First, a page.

Or rather, what he wasn’t wearing.

“Holy sh-”

“Jimmy!” As he grabbed for a towel he caught sight of her out of the corner of his eye. He’d startled her, probably more than she’d startled him, if he were to trust the flush coloring her skin. “What are you doing?”

Reaching over, Jimmy picked up the towel he’d laid over the back of a chair. “Well if it’s alright with you, I was-” he took his time wrapping the towel around his waist, “bathing!”

He knew by her sour expression that she didn’t like the wide wolfish grin he was sporting, and by the way she had her eyes glued to his forehead she wasn’t planning on admitting it. “So did you come in here for a reason? Or did you just plan on standing there with the door open so everyone can see the show?”

“What? Oh!” Belle turned around and slammed the door shut with nearly as much force as she’d banged it open. “I didn’t mean to, it was… you just…”

“Startled you? I’d say the same, but you’d just go and tell me it’s my fault so let’s just get the niceties over with and say you missed me.” He stepped over the edge of the tub, and resisted the urge to dry off, the towel around his waist being the only one he had.

“Missed you?” He heard the rise of color in her voice so he didn’t have to see it on her face, but the way her knuckles turned white around the doorknob made him laugh. “Don’t you mock me, Hickok.” She whirled on him and he could see the spit of fire in her eyes. “Don’t you dare… not after… not when…” her fingers dug into her skirts, messing up the fancy drapes at the sides, “I can’t believe you… standing there… just standing there…” she pointed at his… feet, “dripping on my carpet.”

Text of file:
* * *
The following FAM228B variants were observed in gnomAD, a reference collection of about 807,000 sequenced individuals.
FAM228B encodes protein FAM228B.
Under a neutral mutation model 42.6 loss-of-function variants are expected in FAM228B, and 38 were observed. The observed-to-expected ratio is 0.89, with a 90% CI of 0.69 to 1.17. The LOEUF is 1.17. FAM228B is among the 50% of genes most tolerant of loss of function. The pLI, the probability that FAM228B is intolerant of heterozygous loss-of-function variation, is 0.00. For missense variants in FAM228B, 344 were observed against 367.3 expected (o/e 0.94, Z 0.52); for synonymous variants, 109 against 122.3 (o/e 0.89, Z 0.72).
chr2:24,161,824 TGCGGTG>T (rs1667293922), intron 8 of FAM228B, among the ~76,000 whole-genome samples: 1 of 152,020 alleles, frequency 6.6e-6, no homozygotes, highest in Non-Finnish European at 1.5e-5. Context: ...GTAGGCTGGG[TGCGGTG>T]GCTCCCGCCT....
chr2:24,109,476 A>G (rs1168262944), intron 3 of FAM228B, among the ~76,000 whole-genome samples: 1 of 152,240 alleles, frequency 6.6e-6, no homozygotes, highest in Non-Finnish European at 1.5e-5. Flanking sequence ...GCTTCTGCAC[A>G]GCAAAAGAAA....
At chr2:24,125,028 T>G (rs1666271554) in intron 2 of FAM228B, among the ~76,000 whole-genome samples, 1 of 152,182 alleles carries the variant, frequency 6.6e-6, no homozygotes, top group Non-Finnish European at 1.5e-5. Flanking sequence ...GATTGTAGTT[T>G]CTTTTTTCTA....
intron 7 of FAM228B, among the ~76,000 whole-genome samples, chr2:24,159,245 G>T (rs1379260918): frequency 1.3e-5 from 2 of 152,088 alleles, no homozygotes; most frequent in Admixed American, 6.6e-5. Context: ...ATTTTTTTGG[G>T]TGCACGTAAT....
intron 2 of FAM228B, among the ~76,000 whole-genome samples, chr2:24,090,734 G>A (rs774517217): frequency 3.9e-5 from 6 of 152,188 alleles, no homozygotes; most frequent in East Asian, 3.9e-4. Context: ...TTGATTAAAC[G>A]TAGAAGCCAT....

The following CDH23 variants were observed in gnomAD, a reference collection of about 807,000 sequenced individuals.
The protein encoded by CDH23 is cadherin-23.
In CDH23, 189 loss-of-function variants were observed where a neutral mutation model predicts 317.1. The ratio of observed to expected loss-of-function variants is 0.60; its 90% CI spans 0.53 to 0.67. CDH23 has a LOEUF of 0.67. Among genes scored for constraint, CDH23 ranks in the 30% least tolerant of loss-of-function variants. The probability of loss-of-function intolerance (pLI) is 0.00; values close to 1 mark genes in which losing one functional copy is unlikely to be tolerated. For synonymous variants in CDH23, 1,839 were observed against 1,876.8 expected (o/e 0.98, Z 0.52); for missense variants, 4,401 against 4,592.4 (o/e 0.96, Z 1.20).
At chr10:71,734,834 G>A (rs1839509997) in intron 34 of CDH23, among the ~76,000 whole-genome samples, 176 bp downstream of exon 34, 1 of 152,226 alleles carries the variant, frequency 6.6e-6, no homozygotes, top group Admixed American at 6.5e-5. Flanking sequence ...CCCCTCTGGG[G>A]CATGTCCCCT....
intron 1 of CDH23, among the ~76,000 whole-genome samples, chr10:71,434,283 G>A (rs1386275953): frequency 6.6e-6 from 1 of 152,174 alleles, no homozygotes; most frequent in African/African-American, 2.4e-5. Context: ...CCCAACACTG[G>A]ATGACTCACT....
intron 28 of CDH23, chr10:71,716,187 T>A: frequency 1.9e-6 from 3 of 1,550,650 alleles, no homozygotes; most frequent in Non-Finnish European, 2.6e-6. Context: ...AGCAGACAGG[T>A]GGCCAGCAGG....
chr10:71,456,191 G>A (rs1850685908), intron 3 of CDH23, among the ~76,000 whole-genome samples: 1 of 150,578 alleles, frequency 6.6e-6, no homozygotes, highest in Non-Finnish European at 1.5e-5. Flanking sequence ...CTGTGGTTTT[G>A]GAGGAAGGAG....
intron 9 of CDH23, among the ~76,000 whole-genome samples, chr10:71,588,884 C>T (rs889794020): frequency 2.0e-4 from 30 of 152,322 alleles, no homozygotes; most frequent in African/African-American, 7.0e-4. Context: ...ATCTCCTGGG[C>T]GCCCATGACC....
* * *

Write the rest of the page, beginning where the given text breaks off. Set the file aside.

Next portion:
Jimmy looked down and wiggled his toes against the carpet. “Well, I could towel off,” he lifted his gaze , barely able to make out her figure between the wet strands of hair that fell from around his ears, “you wanna stand there while I do, or-“

She reached back and pulled the door open to step out, but whirled around at the last minute to give him a look. “Get dressed… we’re havin’ a full house tonight and you’ve been shirkin’ your duty long enough.”

Belle closed the door behind her, leaving him standing there, dripping and wondering if he should have kept riding.


The noise was deafening in the Saloon by the time Jimmy came down, dressed up in his best suit. He’d left it thrown over the footboard of his bed when he’d left. He’d have to remember to thank Mrs. Biddle for the fine care she’d shown his things.

Passing through the door way, Jimmy tipped his hat toward the gentleman at the first table that nearly fell over himself to stand up in his presence. “Welcome, have yourself a good time tonight… just mind your manners with the girls.”

Nodding a little too quickly, the man sat down. “Yes sir, Mr. Hickok. I will."

Jimmy repeated the greeting as he walked around the room, earning himself the grateful smiles of all of Belle’s girls as they followed in his wake. The mayor offered him a seat at his table and Jimmy was sorely tempted when he caught site of the deck of cards laid out on the green felt. “Game night, Mr. Mayor?”